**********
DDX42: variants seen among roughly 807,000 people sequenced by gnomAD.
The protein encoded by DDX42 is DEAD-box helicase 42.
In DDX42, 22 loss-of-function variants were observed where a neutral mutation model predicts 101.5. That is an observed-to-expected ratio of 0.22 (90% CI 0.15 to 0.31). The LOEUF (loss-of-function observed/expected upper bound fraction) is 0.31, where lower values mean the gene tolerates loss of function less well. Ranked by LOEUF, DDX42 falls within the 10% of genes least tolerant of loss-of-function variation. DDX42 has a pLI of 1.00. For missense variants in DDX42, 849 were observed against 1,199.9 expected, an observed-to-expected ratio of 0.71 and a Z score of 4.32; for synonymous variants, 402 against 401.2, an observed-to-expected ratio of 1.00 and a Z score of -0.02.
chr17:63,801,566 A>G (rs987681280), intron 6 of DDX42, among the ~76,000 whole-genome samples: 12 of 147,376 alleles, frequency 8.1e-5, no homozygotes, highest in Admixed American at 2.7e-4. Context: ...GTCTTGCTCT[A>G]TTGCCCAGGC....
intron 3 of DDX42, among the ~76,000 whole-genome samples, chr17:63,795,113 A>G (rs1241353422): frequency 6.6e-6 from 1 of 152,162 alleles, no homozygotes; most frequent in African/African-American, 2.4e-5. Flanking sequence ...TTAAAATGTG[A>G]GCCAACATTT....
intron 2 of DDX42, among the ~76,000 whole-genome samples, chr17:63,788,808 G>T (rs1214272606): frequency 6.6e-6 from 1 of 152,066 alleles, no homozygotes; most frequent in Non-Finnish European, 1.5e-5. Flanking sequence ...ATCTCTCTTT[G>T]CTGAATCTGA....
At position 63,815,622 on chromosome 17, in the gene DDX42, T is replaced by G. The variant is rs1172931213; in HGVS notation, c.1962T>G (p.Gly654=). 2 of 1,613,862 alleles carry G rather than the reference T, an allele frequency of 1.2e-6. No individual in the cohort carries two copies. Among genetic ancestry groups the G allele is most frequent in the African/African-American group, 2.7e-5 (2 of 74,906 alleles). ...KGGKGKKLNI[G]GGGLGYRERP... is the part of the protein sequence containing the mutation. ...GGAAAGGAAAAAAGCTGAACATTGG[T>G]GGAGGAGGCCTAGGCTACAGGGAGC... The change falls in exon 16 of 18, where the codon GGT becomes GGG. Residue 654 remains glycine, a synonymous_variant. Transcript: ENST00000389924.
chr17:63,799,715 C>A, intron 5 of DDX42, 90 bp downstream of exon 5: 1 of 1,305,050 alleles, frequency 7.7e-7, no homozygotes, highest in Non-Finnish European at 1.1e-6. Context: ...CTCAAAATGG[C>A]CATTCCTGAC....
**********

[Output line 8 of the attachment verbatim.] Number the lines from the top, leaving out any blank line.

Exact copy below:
chr17:63,799,715 C>A, intron 5 of DDX42, 90 bp downstream of exon 5: 1 of 1,305,050 alleles, frequency 7.7e-7, no homozygotes, highest in Non-Finnish European at 1.1e-6. Context: ...CTCAAAATGG[C>A]CATTCCTGAC....